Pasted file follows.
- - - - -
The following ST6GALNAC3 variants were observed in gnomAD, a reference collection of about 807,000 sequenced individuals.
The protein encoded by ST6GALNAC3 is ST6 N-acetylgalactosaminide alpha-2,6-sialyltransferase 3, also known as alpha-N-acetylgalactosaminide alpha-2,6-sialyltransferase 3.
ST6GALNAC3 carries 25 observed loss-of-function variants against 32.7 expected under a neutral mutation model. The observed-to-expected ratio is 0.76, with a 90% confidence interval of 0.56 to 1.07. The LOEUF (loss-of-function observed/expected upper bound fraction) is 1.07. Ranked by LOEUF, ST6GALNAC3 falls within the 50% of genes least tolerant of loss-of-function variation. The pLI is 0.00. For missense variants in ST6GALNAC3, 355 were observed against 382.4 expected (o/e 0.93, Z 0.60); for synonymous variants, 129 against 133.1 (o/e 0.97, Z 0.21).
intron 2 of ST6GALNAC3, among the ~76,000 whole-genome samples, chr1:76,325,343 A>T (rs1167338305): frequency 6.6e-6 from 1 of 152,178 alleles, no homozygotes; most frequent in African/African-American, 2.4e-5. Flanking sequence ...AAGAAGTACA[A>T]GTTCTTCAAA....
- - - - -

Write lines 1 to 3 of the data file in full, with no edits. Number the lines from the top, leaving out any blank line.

The following ST6GALNAC3 variants were observed in gnomAD, a reference collection of about 807,000 sequenced individuals.
The protein encoded by ST6GALNAC3 is ST6 N-acetylgalactosaminide alpha-2,6-sialyltransferase 3, also known as alpha-N-acetylgalactosaminide alpha-2,6-sialyltransferase 3.
ST6GALNAC3 carries 25 observed loss-of-function variants against 32.7 expected under a neutral mutation model. The observed-to-expected ratio is 0.76, with a 90% confidence interval of 0.56 to 1.07. The LOEUF (loss-of-function observed/expected upper bound fraction) is 1.07. Ranked by LOEUF, ST6GALNAC3 falls within the 50% of genes least tolerant of loss-of-function variation. The pLI is 0.00. For missense variants in ST6GALNAC3, 355 were observed against 382.4 expected (o/e 0.93, Z 0.60); for synonymous variants, 129 against 133.1 (o/e 0.97, Z 0.21).